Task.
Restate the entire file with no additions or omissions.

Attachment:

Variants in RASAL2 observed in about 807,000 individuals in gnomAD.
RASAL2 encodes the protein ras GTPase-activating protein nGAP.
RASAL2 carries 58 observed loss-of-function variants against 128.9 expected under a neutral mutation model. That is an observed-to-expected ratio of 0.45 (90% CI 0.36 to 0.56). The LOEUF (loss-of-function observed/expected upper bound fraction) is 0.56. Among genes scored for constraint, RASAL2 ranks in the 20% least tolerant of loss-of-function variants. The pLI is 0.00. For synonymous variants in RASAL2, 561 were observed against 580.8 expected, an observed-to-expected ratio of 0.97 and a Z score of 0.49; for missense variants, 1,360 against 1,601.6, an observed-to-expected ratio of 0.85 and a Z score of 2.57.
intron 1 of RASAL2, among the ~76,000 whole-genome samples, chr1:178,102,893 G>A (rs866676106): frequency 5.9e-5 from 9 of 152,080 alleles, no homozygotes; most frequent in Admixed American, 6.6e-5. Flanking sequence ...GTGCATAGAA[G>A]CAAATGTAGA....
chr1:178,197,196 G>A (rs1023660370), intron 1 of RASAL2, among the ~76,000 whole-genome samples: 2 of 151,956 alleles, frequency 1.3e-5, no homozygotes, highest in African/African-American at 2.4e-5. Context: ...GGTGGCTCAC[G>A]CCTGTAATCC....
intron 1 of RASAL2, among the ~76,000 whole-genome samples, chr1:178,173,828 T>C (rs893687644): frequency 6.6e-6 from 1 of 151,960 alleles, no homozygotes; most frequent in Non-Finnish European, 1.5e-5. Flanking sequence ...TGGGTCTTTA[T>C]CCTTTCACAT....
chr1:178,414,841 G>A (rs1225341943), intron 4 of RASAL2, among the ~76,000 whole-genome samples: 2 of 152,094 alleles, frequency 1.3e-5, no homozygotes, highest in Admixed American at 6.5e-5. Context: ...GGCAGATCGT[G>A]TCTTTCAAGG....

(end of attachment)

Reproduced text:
Variants in RASAL2 observed in about 807,000 individuals in gnomAD.
RASAL2 encodes the protein ras GTPase-activating protein nGAP.
RASAL2 carries 58 observed loss-of-function variants against 128.9 expected under a neutral mutation model. That is an observed-to-expected ratio of 0.45 (90% CI 0.36 to 0.56). The LOEUF (loss-of-function observed/expected upper bound fraction) is 0.56. Among genes scored for constraint, RASAL2 ranks in the 20% least tolerant of loss-of-function variants. The pLI is 0.00. For synonymous variants in RASAL2, 561 were observed against 580.8 expected, an observed-to-expected ratio of 0.97 and a Z score of 0.49; for missense variants, 1,360 against 1,601.6, an observed-to-expected ratio of 0.85 and a Z score of 2.57.
intron 1 of RASAL2, among the ~76,000 whole-genome samples, chr1:178,102,893 G>A (rs866676106): frequency 5.9e-5 from 9 of 152,080 alleles, no homozygotes; most frequent in Admixed American, 6.6e-5. Flanking sequence ...GTGCATAGAA[G>A]CAAATGTAGA....
chr1:178,197,196 G>A (rs1023660370), intron 1 of RASAL2, among the ~76,000 whole-genome samples: 2 of 151,956 alleles, frequency 1.3e-5, no homozygotes, highest in African/African-American at 2.4e-5. Context: ...GGTGGCTCAC[G>A]CCTGTAATCC....
intron 1 of RASAL2, among the ~76,000 whole-genome samples, chr1:178,173,828 T>C (rs893687644): frequency 6.6e-6 from 1 of 151,960 alleles, no homozygotes; most frequent in Non-Finnish European, 1.5e-5. Flanking sequence ...TGGGTCTTTA[T>C]CCTTTCACAT....
chr1:178,414,841 G>A (rs1225341943), intron 4 of RASAL2, among the ~76,000 whole-genome samples: 2 of 152,094 alleles, frequency 1.3e-5, no homozygotes, highest in Admixed American at 6.5e-5. Context: ...GGCAGATCGT[G>A]TCTTTCAAGG....